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Workplace Harassment and Sexual Harassment


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The Occupational Health and Safety Act (OHSA) protects against personal harassment in the workplace. The definition is wide enough to include all types of employment-based harassment prohibited under the Ontario Human Rights Code (OHRC) and it explicitly includes workplace sexual harassment.

The OHSA defines workplace sexual harassment to include:

  • engaging in a course of vexatious comment or conduct against a worker, in a workplace because of sex, sexual orientation, gender identity or gender expression where the course of comment or conduct is known or ought reasonably to be known to be unwelcome; or
  • making a sexual solicitation or advance where the person making it is in a position to confer, grant or deny a benefit or advancement to the worker and the person knows or ought reasonably to know the solicitation or advance is unwelcome.

What is workplace harassment?

Vexatious physical conduct is a form of workplace harassment and sexual harassment. Harassment may also arise from a range of types of conduct: verbal, written, social, cyber or psychological conduct. It may also arise through a combination of types of conduct. Vexatious conduct or behaviour that is physical may be both unlawful harassment and criminal conduct. For example, inappropriate sexual touching is sexual harassment but may also constitute sexual assault and the police should be notified in such cases. Physical harassment may also amount to workplace violence under the OHSA.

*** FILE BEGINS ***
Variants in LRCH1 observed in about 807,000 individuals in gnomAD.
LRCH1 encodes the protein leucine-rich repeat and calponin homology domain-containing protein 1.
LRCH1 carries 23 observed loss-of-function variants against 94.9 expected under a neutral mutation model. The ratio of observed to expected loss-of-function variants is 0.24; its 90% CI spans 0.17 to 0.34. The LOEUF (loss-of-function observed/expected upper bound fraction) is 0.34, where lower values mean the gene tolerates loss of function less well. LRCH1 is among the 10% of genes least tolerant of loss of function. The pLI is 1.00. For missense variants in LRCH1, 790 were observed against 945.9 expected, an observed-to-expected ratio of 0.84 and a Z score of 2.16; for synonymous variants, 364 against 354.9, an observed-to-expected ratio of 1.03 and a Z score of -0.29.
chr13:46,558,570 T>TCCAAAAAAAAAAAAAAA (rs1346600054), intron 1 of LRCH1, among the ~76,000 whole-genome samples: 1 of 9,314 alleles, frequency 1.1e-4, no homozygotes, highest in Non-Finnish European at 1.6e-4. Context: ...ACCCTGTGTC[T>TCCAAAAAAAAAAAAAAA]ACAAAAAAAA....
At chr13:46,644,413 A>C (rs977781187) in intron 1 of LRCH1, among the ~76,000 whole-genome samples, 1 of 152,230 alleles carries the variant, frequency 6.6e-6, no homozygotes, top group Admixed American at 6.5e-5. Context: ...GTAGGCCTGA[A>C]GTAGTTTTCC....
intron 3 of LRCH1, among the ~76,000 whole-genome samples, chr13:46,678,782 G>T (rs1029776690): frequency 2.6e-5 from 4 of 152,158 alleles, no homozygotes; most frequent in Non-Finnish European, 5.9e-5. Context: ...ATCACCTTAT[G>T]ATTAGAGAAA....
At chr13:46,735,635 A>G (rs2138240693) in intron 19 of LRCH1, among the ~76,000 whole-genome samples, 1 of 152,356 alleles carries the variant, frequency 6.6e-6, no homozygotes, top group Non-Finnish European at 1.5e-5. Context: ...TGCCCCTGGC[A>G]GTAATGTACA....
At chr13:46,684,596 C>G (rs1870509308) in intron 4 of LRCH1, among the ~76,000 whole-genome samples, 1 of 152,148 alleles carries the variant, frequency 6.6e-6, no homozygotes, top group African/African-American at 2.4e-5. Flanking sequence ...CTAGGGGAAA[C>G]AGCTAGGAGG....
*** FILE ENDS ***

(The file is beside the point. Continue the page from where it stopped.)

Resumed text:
Workplace harassment includes unwelcome words or actions that are known or should be known to be offensive, embarrassing, humiliating or demeaning to a worker or group of workers in a workplace. It can also include behaviour that intimidates, isolates or even discriminates against the targeted individual(s).

Examples of workplace harassment may include:

  • making remarks, jokes or innuendos that demean, ridicule, intimidate or offend;
  • displaying or circulating offensive pictures or materials in print or electronic form;
  • bullying;
  • repeated offensive or intimidating phone calls or e-mails; or
  • workplace sexual harassment;
  • asking questions, talking or writing about sexual activities;
  • rough or vulgar humour or language related to sexuality, sexual orientation or gender;
  • displaying or circulating pornography, sexual images or offensive sexual jokes in print or electronic form;
  • leering or inappropriate staring;
  • invading personal space;
  • unnecessary physical contact, including inappropriate touching;
  • demanding hugs, dates or sexual favours;
  • making gender-related comments about someone’s physical characteristics, mannerisms or conformity to sex-role stereotypes;
  • verbally abusing, threatening or taunting someone based on gender or sexual orientation; or
  • threatening to penalize or otherwise punish a worker if they refuse a sexual advance.

Harassment is most commonly thought to involve more than one instance of vexatious comment or conduct. However, there may be situations where the conduct is sufficiently vexatious to amount to harassment in itself. For example, a single instance of unwelcome sexual solicitation or advance from a supervisor or manager could constitute workplace sexual harassment. The vexatious behaviour does not have to be long-standing to be considered harassment: multiple instances over a relatively short period of time may be harassment. In other words, harassment may be found to have occurred over weeks or months or years or just over the course of a day.